Elon Musk’s vision of the Hyperloop — a lightning-fast transportation system that would shuttle passengers at speeds nearing 700-mph using low-pressure tubes and air compressors — is slowly coming to fruition in the Nevada desert.
In fact, the first ever Hyperloop tubes are neatly lined up in a ditch, waiting to be assembled and then later tested by Hyperloop Technologies at a site in North Las Vegas.
CNN Money caught a glimpse of the tubes during a break in its CES coverage, and well, they are indeed tubes.
Hyperloop Technologies is a private company based in Los Angeles that’s endeavoring — separately from Musk — to construct a functional Hyperloop track by 2021, says CEO Rob Lloyd. But, as with any shimmering piece of innovation that sounds great on paper, Hyperloop Technologies has to vet its equipment, and start testing it this year at a test track in the Nevada desert.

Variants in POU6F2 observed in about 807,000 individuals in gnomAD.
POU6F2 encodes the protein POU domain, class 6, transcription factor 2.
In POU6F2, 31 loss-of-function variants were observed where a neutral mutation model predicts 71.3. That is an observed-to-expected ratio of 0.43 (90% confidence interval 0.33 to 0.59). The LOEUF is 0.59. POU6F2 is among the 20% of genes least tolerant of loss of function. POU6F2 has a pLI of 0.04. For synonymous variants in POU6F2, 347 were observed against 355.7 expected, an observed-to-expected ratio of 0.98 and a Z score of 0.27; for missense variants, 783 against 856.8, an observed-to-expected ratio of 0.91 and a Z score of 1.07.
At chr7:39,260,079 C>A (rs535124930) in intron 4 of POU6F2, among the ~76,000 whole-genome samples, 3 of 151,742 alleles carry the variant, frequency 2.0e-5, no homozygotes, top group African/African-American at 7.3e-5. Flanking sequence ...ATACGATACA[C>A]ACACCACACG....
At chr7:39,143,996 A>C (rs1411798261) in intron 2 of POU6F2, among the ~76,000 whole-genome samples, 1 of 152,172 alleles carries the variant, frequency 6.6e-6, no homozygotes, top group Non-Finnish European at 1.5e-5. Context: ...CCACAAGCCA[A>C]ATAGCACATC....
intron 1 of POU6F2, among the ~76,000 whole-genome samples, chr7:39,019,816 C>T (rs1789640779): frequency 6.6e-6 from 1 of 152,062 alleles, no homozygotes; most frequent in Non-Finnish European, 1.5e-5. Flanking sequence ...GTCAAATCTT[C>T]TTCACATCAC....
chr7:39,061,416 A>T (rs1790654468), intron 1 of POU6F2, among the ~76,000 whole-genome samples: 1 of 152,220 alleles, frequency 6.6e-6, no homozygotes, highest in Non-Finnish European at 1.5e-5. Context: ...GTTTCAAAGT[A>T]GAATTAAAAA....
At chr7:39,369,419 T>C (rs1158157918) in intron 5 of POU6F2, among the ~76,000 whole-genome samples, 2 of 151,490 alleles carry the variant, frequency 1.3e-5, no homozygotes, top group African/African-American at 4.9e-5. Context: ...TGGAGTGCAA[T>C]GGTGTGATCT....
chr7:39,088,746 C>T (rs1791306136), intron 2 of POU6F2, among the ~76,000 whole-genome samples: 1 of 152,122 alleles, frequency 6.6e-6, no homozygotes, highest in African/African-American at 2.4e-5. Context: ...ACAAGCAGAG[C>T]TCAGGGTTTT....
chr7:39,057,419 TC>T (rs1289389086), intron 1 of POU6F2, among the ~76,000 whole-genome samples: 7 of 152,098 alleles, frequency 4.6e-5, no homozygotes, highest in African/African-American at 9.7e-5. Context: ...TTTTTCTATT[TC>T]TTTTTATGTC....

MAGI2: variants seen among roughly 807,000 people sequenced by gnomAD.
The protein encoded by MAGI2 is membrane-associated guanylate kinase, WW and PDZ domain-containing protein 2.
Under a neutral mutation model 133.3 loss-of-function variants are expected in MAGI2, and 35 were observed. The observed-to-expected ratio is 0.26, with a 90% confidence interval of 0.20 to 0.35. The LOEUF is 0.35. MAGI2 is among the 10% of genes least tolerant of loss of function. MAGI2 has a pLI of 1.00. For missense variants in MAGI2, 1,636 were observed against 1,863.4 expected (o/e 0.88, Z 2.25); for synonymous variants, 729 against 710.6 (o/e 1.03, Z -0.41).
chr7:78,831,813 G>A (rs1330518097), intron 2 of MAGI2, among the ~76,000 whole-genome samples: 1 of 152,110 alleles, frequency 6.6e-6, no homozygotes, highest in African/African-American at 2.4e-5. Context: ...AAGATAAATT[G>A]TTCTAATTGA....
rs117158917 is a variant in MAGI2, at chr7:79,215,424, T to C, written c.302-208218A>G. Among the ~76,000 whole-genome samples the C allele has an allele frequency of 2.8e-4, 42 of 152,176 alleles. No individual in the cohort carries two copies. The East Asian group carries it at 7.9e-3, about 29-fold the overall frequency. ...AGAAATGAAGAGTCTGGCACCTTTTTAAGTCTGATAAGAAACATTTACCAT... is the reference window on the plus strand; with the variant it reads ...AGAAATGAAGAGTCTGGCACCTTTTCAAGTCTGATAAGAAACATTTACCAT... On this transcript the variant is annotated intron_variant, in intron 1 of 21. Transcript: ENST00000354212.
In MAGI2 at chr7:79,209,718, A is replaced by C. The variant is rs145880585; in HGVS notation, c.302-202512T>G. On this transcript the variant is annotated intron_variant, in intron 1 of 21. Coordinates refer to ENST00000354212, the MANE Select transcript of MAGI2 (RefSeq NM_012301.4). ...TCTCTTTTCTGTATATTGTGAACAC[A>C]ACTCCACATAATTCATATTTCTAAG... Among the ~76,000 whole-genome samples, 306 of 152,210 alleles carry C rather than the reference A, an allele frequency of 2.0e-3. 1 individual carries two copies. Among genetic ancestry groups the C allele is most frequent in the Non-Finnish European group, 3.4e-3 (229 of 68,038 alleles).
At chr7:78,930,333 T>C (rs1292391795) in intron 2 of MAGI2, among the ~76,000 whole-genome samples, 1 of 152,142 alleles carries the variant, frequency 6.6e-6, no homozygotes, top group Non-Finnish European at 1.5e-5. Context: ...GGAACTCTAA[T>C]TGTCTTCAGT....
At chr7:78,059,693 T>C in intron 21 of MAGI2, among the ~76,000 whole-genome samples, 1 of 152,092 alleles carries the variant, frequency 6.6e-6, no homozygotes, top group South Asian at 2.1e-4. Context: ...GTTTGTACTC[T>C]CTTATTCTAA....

Although the tubes currently look like generic construction material surrounded by swaths of dirt, they’re intended to make history.
Hyperloop Technologies projects that a potential Hyperloop station might look like this one day:
Lloyd, the former chief at networking company Cisco Technologies, told CNN in November that “the architecture [behind Hyperloop] is actually very simple, you just remove the pressure from an enclosed environment — you could think of that as a tube — you remove the friction of wheels by levitating the pod inside the tube, and it takes a very little amount of energy to move that pod at incredible speed.”
So while the tubes have been revealed — what about the pods that will shoot through them, carrying passengers? More than 120 design groups will convene at Texas A&M University on January 29–30 for the Hyperloop Design Weekend. Among them are plans to float the pods as if they were real-life hoverboards.
Not everybody is on board with the Hyperloop idea, as some civil engineers have argued that it’s just not feasible.
The final pod competition will be conducted this summer, when winners of that design contest try out their prototypes on a track in Hawthorne, California.